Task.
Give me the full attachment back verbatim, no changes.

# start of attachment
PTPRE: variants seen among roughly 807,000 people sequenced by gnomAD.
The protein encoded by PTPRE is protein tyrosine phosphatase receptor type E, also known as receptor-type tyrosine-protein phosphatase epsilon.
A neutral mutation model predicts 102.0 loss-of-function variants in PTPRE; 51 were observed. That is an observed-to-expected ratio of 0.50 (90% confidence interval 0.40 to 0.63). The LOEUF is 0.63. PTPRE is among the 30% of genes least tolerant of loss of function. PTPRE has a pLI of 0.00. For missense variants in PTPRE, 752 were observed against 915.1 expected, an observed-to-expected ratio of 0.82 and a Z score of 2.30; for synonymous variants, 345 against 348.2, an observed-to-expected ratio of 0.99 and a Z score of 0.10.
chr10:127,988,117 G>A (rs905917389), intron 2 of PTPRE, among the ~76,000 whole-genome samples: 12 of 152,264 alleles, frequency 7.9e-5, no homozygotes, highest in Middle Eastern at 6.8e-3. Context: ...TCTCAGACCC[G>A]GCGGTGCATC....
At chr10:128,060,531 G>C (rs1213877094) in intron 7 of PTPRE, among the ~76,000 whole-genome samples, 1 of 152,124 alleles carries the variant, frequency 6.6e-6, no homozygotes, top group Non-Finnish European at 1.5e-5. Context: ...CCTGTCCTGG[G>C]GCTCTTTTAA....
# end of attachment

PTPRE: variants seen among roughly 807,000 people sequenced by gnomAD.
The protein encoded by PTPRE is protein tyrosine phosphatase receptor type E, also known as receptor-type tyrosine-protein phosphatase epsilon.
A neutral mutation model predicts 102.0 loss-of-function variants in PTPRE; 51 were observed. That is an observed-to-expected ratio of 0.50 (90% confidence interval 0.40 to 0.63). The LOEUF is 0.63. PTPRE is among the 30% of genes least tolerant of loss of function. PTPRE has a pLI of 0.00. For missense variants in PTPRE, 752 were observed against 915.1 expected, an observed-to-expected ratio of 0.82 and a Z score of 2.30; for synonymous variants, 345 against 348.2, an observed-to-expected ratio of 0.99 and a Z score of 0.10.
chr10:127,988,117 G>A (rs905917389), intron 2 of PTPRE, among the ~76,000 whole-genome samples: 12 of 152,264 alleles, frequency 7.9e-5, no homozygotes, highest in Middle Eastern at 6.8e-3. Context: ...TCTCAGACCC[G>A]GCGGTGCATC....
At chr10:128,060,531 G>C (rs1213877094) in intron 7 of PTPRE, among the ~76,000 whole-genome samples, 1 of 152,124 alleles carries the variant, frequency 6.6e-6, no homozygotes, top group Non-Finnish European at 1.5e-5. Context: ...CCTGTCCTGG[G>C]GCTCTTTTAA....